The question arises? How do consociational democracies come into being in the first place? Arend Lijphart views the rational choice of elites as central, which have "an awareness of the dangers inherent in segmental cleavages and a desire to avert them" (Lijphart 1977: 100). According to him, this awareness may result from a previous conflict that has forcefully shown the perils of segmentation and leads elites to self-restraint and coalescence (See ibid). In his 1977 book he acknowledges another factor put forward by other authors: traditions of elite accommodation. (See Lijphart: ibid; Lehmbruch 1967, Daalder 1974: 618).However, he stipulates these traditions as a merely favourable factor and not an explanation.
1 In later articles Lijphart further differentiates between essential primary characteristics (executive power-sharing and autonomy) and supplementary secondary characteristics (proportionality and veto rights). See Lijphart 1995b, 1999b.
2 The term ‘consociation’ is derived from the Latin ‘consociatio’, describing a close and firm link, e.g. a durable link between members of a co-operative. See Schmidt (2000): 327. Lehmbruch’s originally used term ‘ Proporzdemokratie ’ was soon abandoned for ‘ Konkordanzdemokratie ’, the German equivalent for consociational democracy.
3 For the case of Surinam see Dew (1972); for Colombia see Dix (1980); for Lebanon see Lehmbruch (1974); for Lebanon, Cyprus and Malaysia see Lijphart 1977: Ch.5 (pp. 142-176).
4 For literature on the case of Northern Ireland see McGarry (2002) and Schneckener (2002b); for South Tyrol and Bosnia-Herzegovina see Schneckener (2002a, 2002b); for India Lijphart (1996) and Lustick (1997), for South Africa Lijphart 1985, Laitin 1987, Lijphart 1999b.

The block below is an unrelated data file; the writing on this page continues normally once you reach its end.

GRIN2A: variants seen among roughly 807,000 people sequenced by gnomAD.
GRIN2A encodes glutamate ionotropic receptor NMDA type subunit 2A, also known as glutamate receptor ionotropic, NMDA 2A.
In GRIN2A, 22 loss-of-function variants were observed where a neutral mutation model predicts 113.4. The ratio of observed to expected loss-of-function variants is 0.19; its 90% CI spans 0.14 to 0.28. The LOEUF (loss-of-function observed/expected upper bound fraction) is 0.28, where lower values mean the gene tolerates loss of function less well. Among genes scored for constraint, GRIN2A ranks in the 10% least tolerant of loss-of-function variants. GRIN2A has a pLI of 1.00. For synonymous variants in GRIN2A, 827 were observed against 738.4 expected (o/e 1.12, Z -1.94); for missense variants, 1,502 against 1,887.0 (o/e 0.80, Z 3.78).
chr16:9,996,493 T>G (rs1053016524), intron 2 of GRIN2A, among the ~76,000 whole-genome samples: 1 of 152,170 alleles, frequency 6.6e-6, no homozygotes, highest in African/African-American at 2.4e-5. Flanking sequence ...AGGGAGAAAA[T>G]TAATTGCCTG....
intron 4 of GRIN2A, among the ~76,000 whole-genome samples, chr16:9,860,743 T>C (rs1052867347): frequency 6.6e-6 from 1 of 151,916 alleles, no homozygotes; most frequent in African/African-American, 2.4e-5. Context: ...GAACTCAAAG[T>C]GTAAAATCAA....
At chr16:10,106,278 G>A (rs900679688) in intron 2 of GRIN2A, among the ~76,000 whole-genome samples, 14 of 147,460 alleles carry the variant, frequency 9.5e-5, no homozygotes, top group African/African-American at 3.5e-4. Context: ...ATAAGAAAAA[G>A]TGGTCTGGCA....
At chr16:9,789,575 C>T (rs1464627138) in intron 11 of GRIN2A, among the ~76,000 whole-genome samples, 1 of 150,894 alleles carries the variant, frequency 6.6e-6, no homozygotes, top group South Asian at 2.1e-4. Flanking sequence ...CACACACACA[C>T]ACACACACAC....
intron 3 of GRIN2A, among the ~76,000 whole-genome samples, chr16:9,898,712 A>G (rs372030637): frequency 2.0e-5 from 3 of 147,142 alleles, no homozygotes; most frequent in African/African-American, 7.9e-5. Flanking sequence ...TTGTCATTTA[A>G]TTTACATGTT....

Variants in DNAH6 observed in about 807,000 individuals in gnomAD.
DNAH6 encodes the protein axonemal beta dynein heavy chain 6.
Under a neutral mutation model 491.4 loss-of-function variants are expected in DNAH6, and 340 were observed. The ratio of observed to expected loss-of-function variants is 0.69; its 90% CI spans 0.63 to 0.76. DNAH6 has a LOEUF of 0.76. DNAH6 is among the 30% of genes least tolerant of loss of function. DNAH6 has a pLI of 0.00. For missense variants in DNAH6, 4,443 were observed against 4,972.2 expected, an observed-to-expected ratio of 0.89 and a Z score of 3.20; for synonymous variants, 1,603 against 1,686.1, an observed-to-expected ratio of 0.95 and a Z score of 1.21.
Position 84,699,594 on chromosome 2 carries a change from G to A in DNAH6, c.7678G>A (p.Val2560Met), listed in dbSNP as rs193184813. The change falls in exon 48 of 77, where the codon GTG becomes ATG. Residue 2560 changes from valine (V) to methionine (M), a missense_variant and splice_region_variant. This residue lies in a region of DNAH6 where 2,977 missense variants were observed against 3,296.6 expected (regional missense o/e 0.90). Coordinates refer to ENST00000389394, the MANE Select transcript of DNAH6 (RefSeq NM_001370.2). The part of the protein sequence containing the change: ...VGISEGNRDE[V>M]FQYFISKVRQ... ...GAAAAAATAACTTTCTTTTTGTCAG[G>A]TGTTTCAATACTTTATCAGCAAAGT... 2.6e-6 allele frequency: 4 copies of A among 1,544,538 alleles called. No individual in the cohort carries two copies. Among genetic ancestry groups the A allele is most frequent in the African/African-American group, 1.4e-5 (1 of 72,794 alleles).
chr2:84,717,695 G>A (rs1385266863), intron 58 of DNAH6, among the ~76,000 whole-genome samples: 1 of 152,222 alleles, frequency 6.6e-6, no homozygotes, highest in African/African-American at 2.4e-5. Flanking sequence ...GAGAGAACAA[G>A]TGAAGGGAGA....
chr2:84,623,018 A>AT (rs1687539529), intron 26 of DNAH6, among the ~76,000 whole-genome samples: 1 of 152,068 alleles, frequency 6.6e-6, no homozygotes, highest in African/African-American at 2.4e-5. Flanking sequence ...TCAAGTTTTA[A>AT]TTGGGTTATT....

5 The terms ‘executive power-sharing’ and ‘government by grand coalition’ are used interchangeably, as they are by Lijphart himself. See for example Lijphart 1995b, 1999b.
6 The ‘magic formula’ gave two seats each to the FDP, CVP and SP, and one to the SVP. After an electoral gain of the SVP in October 2003 the 2-2-2-1 formula remains intact, though with the shift of one seat from CP to SVP it has lost its proportional ‘magic’. [http://www.nzz.ch/dossiers/2003/bundesratswahlen (19.12.2003)].
7 For example, informal temporary grand coalitions of party leaders were formed in the Netherlands in 1917 and in Belgium in 1958 in order to settle the deeply divisive issue of state aid to religious schools. See Lijphart 1977: 33.
8 The mutual veto can be either an informal understanding or a formal rule, as Lijphart shows with the cases of Switzerland, the Netherlands (both informal), Austria (formal) and Belgium (formal on certain issues). See Lijphart 1977: 38.
9 Package deals are also termed logrolling, or, in Austria, Junktim. See Lehmbruch 1967: 26-29.